Writers write. If it’s possible to boil our craft down to one simple truth, no matter what our backgrounds or specializations are, it’s this: writers write. And often, we really love doing it.

Occasionally though, there are times where we writers hate writing, or find ourselves becoming disillusioned with it. This can happen for a number of reasons, but in my general experience, writers tend to go through these phases where they just don’t want to write when the business side of writing, or things in our personal lives, starts having a negative effect on the act of writing itself. Recently, a friend of mine talked about how, for a while, writing was starting to lose its appeal to her, to the point where she wasn’t enjoying storytelling and was thinking about quitting. She later realized that was because, in order to keep her sales up, she was writing stories that she wrote to sell well.

Of course, all writers who sell their work write stories they think will sell well, but it’s not usually the main goal. Usually, we write stories we ourselves want to read or stories we feel we need to tell and would have fun doing it. My friend was writing stories that were designed to sell, but were not necessarily stories she enjoyed writing. Her field was becoming so crowded, she felt she needed to write this way in order to compete. But all it really did for her was make writing less of a fun activity but a chore.

It was only when she realized that she needed to get back to writing stories she felt passionate about and decided to stop doing stories calculated to do well in a crowded field that she started to enjoy writing again.

Similarly, I’ve been feeling a little out of sorts with writing for a while now. I still enjoy the act, and I’m not sure there’s anything that would make me hate writing, but then some things came up:

Back in March, when I found out Rose was going to be published by an actual publishing company, I was ecstatic. I was on a high that lasted for a whole week and a half, like pure joy had somehow been pumped into my bloodstream. But soon after that, the company sent me back my manuscript with notes, and the feedback they gave me…well, they noted many issues with Rose. Issues that really brought down my high. I’ve been working on this novel for about four years now, and just seeing so many problems pointed out wasn’t pleasant.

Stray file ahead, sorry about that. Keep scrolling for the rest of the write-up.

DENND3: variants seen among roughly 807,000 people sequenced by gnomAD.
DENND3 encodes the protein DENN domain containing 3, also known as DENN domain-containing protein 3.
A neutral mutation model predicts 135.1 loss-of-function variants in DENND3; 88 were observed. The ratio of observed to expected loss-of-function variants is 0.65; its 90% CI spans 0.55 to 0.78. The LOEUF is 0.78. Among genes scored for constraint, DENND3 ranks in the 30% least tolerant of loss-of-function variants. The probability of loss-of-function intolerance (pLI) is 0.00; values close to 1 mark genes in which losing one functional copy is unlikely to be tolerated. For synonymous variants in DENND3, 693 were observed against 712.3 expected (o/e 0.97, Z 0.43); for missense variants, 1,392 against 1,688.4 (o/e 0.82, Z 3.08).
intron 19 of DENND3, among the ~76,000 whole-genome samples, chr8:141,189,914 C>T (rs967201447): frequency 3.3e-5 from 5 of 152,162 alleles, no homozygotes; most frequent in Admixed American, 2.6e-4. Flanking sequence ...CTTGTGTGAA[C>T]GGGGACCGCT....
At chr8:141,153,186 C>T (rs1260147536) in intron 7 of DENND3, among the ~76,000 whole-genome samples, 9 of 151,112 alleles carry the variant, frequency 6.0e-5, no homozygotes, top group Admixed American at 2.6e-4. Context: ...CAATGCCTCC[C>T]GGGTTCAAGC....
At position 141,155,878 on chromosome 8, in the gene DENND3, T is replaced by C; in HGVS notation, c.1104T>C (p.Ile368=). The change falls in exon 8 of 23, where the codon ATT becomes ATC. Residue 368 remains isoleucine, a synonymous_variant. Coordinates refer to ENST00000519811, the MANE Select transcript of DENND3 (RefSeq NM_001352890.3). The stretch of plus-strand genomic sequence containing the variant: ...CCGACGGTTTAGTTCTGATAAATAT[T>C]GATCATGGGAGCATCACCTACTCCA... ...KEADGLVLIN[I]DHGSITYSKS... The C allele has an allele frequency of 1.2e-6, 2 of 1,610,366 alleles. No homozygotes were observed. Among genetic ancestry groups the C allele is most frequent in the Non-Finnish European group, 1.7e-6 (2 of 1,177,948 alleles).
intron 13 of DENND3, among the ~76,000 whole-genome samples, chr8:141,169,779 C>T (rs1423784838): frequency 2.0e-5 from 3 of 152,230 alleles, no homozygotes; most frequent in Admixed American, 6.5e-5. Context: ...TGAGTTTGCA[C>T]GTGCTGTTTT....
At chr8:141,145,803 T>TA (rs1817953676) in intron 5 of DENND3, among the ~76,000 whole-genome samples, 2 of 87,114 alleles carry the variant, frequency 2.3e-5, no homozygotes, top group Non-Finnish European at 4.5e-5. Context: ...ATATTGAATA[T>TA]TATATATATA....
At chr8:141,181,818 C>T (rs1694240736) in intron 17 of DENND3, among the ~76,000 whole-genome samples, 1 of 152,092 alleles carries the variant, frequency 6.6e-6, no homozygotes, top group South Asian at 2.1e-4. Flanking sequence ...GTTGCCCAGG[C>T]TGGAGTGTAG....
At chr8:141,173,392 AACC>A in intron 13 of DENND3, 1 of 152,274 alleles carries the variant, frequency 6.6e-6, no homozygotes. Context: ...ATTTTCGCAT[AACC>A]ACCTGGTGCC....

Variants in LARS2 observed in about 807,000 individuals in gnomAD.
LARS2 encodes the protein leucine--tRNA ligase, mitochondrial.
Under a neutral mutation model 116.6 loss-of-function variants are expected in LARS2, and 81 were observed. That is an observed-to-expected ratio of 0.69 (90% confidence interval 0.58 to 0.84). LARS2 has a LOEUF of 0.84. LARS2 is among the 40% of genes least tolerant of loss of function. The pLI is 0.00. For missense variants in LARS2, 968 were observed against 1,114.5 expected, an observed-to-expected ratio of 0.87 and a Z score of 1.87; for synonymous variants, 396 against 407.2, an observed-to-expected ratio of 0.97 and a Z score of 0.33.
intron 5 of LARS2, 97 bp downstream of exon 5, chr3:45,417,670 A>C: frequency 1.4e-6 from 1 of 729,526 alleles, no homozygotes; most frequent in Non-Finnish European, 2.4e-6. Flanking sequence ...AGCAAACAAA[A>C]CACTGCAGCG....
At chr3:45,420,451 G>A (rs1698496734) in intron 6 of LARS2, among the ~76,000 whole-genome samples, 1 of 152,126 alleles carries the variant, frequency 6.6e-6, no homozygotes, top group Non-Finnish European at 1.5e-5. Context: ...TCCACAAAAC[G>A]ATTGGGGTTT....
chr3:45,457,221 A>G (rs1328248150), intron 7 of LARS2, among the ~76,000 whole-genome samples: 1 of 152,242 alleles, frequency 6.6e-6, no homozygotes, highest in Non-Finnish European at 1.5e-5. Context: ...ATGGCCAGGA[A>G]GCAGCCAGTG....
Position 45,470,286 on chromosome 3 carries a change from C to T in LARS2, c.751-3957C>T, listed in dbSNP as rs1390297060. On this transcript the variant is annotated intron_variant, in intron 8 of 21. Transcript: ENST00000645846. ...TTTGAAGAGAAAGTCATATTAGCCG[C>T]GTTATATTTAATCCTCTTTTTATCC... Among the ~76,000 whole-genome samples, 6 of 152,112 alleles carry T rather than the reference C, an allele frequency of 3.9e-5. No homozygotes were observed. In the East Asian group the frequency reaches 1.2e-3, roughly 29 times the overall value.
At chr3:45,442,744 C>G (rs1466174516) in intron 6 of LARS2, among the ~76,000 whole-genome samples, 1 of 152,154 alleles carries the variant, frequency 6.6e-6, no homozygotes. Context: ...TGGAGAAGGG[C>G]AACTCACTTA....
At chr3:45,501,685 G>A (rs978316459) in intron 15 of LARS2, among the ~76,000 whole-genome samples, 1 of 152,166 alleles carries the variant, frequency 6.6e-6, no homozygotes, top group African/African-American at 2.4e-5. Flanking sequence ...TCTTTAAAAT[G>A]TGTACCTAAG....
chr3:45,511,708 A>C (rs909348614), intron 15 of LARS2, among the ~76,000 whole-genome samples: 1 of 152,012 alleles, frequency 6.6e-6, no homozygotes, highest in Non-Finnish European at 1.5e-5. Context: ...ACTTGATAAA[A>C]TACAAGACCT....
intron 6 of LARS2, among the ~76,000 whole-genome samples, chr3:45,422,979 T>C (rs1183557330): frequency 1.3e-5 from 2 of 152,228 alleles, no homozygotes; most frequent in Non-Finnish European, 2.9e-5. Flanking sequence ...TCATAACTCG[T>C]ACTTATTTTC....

The fact that the novel needed so many rewrites didn’t help either.

Not only that, but there was some stuff in my personal life that I was dealing with, personal stuff that I’m still dealing with. I won’t go into details (not because I’m not comfortable talking about it, it just doesn’t feel like the right time to do so), but the first couple of months of 2018, while still full of good things for me, had some unexpected obstacles and issues that weren’t widely reported outside of a close circle of a select number of individuals.

It’s crazy how this anime could get me out of my funk so easily. God, I love you, Sailor Moon.

Those obstacles and issues, as well as seeing all that needed fixing with Rose, just sort of brought down my enjoyment of writing in general. And I wondered how I would get it back.

This evening though, I had the weirdest pep talk from the most unexpected source: Sailor Moon (bare with me here). As you guys know, I LOVE Sailor Moon. It’s one of my favorite anime ever, and I’ve loved it since I was a kid. Recently, the first half of Season 4 was released on DVD with a new, more faithful dub (meaning original Japanese names and no editing to make the story more appropriate for children), and this week my copy from the library came in, so obviously I’m bingeing it this weekend.

Here’s where the pep talk comes in: one of the episodes from that season involves a friend of Sailor Jupiter who happens to be a novelist. The novelist has recently suffered some personal setbacks, and they’ve made it difficult for her to write. But by the end of the episode, through the intervention of Sailor Jupiter (and a vision of a winged unicorn, but that’s beside the point), she regains the will and inspiration to write.